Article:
Imperial College warning found at Climate Camp 2007Image: Imperial College statement at the Climate Camp


A Forward Intelligence Team (FIT) is busy doing its thing at the camp entrance. If the camp seeks to authenticate its authority with an image of virtue, then Forward Intelligence policing is its antithesis. Forward Intelligence is primarily about intimidation, and has been adopted even at the most quotidian levels of maintaining public order. Their most visible incarnation is the FIT photographer. The blue baseball cap and combats are intended to give the impression that they are brothers-in-arms with their American cousins in S.W.A.T, or their cooler, Gallic comrades in the CRS. These ninjas of data collection carry cameras with a huge lens, large flash, and an attached digital camera, so that it resembles some kind of biomechanical prosthesis. The uniform belies the fact that Britain is one of the few European countries not to have a barracked, paramilitary police force; FIT photographers are more like paparazzi that have lost any index of their subject's economic value and now take photos indiscriminately. Anyone is fair game, you merely have to come into the lens' field of view to merit a snap.

Such an indiscriminate collection of data can have little real intelligence value in the traditional sense. I'm sure we're meant to believe that they possess an arcane knowledge of 'hidden Markov chains' and 'dynamic link matching' that has spawned accurate facial recognition algorithms (ones that perform consistently across the genders, that don't get confused by expressions of emotion), powering a RapidResponse database. I have no doubt that this is their desired future, but for now, FIT policing relies on the fact that we actually care about being seen. I'm not sure if my photo is taken as I arrive, since the paparazzo are dithering between the choice of capturing an old gentleman on his bicycle or a couple stretching a banner between them on which is written 'Prevent Privacy Invasion', or some such legend.(I thought the point of squatting was to question the notion of privacy and private property in general, but at this point of the day I was actively trying not to be a source of schismatic, hair-splitting argument... ). After my last brush with public order policing, enough DNA was collected to clone an army of me, so I'm not too bothered. If understood merely as intimidation then FIT is something of a short-term strategy. In a world where everyone carries a camera, we no longer believe that the lens steals our souls, but perhaps the FIT methods must be seen as an acknowledgement that traditional forms of intelligence gathering have limited value in the face of an increasingly heterogeneous 'threat'. It is the other state response to globalisation, another form of surrendering to the irrational, but in this case rather than seeking to homogenise instances of the particular, make them recognisable under a single scheme of identification, it seeks simply to revel in them. That the activity has some kind of formal use is the cover for an orgiastic indulgence, the side effects of which are as yet unknown to the state. It hankers after effect, any effect, because it knows, at some base level, that in such eroticism there is power.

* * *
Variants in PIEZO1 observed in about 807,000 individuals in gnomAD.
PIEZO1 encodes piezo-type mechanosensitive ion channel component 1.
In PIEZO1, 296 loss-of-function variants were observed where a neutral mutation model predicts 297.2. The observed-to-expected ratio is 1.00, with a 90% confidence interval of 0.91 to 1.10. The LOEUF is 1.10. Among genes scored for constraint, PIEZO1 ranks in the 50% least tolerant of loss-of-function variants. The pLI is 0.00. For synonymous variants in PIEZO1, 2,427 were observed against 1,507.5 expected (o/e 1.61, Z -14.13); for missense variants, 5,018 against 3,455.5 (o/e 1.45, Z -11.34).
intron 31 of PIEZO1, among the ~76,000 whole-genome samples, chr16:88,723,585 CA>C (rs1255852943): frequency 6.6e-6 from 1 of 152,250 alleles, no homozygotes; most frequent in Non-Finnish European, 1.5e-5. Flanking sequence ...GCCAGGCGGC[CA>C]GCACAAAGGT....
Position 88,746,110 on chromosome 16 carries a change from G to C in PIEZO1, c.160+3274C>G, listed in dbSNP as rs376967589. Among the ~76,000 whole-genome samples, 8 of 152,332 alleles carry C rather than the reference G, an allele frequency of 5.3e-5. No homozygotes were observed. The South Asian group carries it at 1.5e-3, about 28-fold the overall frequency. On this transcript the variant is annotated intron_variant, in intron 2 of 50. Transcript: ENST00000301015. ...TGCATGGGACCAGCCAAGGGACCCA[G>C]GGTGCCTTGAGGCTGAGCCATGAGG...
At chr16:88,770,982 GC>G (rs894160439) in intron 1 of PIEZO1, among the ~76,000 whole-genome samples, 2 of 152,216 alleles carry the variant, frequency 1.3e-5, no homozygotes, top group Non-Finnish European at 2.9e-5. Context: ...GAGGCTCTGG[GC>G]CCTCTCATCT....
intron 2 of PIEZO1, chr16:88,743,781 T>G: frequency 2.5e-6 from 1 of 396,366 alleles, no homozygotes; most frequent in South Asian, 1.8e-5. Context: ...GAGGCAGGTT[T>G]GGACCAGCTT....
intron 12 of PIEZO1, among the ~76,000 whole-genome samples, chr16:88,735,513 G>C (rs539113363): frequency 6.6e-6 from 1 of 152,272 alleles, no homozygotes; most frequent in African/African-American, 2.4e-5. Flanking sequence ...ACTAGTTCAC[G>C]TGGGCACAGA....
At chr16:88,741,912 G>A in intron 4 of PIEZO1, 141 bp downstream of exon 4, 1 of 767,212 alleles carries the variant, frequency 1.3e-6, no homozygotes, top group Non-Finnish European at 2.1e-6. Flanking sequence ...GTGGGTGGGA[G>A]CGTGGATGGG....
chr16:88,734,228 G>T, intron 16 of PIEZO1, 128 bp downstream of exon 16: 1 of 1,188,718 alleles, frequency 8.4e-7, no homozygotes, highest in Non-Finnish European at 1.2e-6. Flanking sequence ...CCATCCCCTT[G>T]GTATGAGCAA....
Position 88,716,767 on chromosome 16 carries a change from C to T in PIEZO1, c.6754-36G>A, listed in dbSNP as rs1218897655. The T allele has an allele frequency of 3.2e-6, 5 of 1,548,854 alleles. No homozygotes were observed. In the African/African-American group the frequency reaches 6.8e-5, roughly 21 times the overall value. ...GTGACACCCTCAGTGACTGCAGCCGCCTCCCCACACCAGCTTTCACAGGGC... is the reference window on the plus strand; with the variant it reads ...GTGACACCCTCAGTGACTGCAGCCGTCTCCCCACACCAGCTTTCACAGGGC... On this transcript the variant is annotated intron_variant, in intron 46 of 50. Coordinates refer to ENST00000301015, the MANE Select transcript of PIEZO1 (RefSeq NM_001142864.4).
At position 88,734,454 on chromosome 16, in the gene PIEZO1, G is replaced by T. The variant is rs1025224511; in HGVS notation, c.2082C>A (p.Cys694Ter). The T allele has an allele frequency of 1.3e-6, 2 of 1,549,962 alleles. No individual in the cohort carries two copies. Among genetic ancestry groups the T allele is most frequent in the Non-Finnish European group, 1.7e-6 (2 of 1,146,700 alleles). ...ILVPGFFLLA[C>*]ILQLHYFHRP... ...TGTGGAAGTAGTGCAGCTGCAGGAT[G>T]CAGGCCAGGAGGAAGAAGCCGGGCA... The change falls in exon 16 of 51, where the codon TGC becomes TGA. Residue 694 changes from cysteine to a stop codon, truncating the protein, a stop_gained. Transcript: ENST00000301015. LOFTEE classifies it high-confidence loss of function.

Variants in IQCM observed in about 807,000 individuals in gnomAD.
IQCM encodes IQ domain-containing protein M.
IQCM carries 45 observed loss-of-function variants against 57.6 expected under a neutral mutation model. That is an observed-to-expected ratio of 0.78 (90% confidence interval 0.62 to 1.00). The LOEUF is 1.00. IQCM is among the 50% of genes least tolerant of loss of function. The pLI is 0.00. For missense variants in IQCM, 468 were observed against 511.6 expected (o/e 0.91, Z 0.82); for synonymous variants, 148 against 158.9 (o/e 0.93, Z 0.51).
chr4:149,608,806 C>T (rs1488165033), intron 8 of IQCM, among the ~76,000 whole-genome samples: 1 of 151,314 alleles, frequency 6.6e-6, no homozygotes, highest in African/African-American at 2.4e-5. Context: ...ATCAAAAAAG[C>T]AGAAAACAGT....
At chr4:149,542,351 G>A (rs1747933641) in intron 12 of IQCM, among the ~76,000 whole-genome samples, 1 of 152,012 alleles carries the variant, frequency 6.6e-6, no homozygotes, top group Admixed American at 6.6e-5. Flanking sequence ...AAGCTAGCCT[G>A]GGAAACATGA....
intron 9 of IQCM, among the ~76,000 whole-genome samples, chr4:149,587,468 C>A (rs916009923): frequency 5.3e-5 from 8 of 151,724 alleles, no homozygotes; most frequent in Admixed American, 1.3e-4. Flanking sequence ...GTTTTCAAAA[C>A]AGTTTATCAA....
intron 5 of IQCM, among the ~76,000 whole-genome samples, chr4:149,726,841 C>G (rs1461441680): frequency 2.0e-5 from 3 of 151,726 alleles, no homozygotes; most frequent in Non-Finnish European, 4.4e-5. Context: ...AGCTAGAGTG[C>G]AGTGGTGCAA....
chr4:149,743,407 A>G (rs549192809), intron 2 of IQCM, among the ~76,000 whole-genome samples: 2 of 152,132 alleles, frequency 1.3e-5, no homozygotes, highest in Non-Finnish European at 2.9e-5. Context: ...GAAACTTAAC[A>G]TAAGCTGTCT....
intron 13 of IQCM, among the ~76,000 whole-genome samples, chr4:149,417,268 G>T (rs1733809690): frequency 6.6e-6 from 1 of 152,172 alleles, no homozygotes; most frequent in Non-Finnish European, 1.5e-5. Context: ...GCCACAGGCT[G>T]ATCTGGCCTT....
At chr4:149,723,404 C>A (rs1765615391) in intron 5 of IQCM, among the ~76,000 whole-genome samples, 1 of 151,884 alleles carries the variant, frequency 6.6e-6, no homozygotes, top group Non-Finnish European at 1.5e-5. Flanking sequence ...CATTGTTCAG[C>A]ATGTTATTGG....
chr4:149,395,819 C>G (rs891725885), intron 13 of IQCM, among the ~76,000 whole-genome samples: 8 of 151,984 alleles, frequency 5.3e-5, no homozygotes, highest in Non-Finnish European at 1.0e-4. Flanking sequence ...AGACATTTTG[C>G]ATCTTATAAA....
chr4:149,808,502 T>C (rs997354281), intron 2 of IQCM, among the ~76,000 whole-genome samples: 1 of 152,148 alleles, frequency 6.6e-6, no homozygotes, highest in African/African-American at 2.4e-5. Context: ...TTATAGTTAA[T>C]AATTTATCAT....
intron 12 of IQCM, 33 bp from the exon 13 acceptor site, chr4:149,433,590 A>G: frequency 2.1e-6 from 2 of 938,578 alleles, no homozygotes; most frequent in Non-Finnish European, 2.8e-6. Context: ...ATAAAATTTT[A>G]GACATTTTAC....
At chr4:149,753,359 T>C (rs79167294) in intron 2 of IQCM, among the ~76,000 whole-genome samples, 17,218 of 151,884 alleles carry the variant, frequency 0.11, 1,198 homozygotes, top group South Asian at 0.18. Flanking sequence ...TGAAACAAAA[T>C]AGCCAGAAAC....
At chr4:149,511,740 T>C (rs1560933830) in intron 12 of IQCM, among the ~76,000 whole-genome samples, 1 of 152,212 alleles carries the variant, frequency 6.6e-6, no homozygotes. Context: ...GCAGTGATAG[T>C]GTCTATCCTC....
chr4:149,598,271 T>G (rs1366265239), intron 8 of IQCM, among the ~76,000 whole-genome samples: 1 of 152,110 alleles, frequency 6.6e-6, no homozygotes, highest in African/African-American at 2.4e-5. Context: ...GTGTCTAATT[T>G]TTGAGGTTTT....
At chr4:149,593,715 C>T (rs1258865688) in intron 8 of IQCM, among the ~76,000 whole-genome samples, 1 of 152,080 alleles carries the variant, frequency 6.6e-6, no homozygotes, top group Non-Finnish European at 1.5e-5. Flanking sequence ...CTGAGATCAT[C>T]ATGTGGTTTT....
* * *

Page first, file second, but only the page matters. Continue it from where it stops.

Stop and search sheet found at Climate Camp 2007Image: Stop and search sheet found at Climate Camp